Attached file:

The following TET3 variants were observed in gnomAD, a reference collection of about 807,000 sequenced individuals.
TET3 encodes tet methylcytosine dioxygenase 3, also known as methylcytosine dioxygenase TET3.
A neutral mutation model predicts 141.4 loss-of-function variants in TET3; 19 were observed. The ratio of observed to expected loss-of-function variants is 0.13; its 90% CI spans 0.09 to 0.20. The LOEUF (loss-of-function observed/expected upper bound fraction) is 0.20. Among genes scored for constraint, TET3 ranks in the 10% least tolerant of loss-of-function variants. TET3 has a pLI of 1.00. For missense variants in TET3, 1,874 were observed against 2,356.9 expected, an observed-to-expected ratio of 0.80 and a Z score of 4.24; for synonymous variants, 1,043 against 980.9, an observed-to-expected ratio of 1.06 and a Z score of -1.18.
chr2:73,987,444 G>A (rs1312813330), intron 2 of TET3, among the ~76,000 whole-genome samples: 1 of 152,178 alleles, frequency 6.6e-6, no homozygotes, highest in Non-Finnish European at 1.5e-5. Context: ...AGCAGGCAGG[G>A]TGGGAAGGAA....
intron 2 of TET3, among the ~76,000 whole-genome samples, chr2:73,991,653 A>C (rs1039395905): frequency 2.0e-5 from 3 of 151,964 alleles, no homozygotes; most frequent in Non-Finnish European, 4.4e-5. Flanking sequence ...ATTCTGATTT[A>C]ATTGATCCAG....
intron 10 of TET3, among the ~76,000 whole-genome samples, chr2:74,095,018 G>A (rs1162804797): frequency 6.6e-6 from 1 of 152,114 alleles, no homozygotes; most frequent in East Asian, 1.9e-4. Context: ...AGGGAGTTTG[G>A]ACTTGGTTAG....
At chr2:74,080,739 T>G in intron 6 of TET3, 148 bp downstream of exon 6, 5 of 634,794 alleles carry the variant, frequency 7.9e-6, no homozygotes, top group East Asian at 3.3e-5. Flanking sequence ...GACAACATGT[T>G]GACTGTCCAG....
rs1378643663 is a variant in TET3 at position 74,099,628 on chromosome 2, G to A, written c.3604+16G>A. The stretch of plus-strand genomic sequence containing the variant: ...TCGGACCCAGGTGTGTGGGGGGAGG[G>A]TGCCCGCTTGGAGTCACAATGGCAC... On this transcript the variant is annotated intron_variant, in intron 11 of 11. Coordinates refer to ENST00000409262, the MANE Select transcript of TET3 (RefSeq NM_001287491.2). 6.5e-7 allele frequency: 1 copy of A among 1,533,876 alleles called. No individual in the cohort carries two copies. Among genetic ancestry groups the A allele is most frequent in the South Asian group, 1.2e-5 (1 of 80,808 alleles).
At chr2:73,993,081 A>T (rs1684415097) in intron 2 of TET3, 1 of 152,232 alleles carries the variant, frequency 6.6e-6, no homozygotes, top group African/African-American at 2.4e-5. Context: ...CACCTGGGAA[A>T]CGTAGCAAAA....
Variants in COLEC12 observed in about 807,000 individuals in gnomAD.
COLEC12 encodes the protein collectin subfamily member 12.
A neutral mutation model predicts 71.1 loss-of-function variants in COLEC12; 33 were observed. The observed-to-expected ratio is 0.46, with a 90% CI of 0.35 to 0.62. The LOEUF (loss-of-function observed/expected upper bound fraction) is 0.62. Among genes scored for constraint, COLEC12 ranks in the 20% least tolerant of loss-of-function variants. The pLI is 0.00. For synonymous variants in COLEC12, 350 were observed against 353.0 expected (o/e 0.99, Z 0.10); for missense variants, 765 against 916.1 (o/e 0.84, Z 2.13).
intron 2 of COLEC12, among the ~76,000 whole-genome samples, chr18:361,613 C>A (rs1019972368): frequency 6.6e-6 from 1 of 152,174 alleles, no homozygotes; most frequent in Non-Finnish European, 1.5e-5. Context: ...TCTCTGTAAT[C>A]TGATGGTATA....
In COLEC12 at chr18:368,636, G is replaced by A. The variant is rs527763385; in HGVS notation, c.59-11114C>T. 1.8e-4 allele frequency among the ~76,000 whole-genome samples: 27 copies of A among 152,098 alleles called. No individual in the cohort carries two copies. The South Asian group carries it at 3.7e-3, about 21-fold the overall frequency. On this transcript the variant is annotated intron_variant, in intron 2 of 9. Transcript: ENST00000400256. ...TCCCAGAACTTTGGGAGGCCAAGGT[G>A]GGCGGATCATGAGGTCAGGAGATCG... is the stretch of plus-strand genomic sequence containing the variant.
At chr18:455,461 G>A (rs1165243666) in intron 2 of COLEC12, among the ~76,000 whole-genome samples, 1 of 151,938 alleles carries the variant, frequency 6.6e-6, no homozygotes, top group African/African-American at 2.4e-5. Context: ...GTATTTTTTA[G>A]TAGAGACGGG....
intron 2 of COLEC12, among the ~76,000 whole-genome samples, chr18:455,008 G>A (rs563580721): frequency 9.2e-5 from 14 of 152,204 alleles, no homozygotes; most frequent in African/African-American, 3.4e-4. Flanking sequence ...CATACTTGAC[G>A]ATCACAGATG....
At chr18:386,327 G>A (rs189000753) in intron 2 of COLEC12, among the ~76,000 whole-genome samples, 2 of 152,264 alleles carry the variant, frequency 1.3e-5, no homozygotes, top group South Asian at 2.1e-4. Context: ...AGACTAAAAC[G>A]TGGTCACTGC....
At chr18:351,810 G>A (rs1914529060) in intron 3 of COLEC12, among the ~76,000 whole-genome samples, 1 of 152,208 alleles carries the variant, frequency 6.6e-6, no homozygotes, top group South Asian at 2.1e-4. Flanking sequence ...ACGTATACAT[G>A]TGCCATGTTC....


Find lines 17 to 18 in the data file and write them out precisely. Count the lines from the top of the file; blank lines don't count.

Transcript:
At chr18:386,327 G>A (rs189000753) in intron 2 of COLEC12, among the ~76,000 whole-genome samples, 2 of 152,264 alleles carry the variant, frequency 1.3e-5, no homozygotes, top group South Asian at 2.1e-4. Context: ...AGACTAAAAC[G>A]TGGTCACTGC....
At chr18:351,810 G>A (rs1914529060) in intron 3 of COLEC12, among the ~76,000 whole-genome samples, 1 of 152,208 alleles carries the variant, frequency 6.6e-6, no homozygotes, top group South Asian at 2.1e-4. Flanking sequence ...ACGTATACAT[G>A]TGCCATGTTC....